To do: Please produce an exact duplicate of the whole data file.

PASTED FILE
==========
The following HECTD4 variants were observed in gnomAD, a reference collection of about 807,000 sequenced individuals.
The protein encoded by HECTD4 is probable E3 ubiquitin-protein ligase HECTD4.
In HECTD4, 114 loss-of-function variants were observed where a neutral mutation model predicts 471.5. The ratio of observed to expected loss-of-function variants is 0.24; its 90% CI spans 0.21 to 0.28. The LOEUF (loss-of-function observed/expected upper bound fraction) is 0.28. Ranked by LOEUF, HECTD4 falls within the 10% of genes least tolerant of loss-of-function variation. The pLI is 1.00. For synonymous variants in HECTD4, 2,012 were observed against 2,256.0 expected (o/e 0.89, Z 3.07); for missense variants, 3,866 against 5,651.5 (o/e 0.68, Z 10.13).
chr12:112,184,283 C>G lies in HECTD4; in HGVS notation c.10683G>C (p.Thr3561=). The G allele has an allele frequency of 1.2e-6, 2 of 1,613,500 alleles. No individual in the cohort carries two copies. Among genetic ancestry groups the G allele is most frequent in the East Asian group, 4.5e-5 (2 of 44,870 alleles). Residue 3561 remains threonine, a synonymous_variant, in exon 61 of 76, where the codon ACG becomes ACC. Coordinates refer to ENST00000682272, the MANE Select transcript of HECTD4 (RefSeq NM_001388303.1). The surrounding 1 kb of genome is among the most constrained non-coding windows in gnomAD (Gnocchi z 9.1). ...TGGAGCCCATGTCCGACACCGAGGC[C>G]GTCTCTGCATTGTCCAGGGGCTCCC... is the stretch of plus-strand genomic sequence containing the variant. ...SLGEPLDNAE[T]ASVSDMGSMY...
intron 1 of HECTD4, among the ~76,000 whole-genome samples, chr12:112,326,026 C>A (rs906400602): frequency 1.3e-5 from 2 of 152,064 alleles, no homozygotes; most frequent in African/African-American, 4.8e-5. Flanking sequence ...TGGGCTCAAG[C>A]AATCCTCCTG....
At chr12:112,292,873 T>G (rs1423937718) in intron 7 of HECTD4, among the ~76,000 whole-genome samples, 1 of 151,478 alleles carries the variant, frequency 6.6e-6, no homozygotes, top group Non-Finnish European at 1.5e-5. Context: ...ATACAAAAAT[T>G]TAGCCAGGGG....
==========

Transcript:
The following HECTD4 variants were observed in gnomAD, a reference collection of about 807,000 sequenced individuals.
The protein encoded by HECTD4 is probable E3 ubiquitin-protein ligase HECTD4.
In HECTD4, 114 loss-of-function variants were observed where a neutral mutation model predicts 471.5. The ratio of observed to expected loss-of-function variants is 0.24; its 90% CI spans 0.21 to 0.28. The LOEUF (loss-of-function observed/expected upper bound fraction) is 0.28. Ranked by LOEUF, HECTD4 falls within the 10% of genes least tolerant of loss-of-function variation. The pLI is 1.00. For synonymous variants in HECTD4, 2,012 were observed against 2,256.0 expected (o/e 0.89, Z 3.07); for missense variants, 3,866 against 5,651.5 (o/e 0.68, Z 10.13).
chr12:112,184,283 C>G lies in HECTD4; in HGVS notation c.10683G>C (p.Thr3561=). The G allele has an allele frequency of 1.2e-6, 2 of 1,613,500 alleles. No individual in the cohort carries two copies. Among genetic ancestry groups the G allele is most frequent in the East Asian group, 4.5e-5 (2 of 44,870 alleles). Residue 3561 remains threonine, a synonymous_variant, in exon 61 of 76, where the codon ACG becomes ACC. Coordinates refer to ENST00000682272, the MANE Select transcript of HECTD4 (RefSeq NM_001388303.1). The surrounding 1 kb of genome is among the most constrained non-coding windows in gnomAD (Gnocchi z 9.1). ...TGGAGCCCATGTCCGACACCGAGGC[C>G]GTCTCTGCATTGTCCAGGGGCTCCC... is the stretch of plus-strand genomic sequence containing the variant. ...SLGEPLDNAE[T]ASVSDMGSMY...
intron 1 of HECTD4, among the ~76,000 whole-genome samples, chr12:112,326,026 C>A (rs906400602): frequency 1.3e-5 from 2 of 152,064 alleles, no homozygotes; most frequent in African/African-American, 4.8e-5. Flanking sequence ...TGGGCTCAAG[C>A]AATCCTCCTG....
At chr12:112,292,873 T>G (rs1423937718) in intron 7 of HECTD4, among the ~76,000 whole-genome samples, 1 of 151,478 alleles carries the variant, frequency 6.6e-6, no homozygotes, top group Non-Finnish European at 1.5e-5. Context: ...ATACAAAAAT[T>G]TAGCCAGGGG....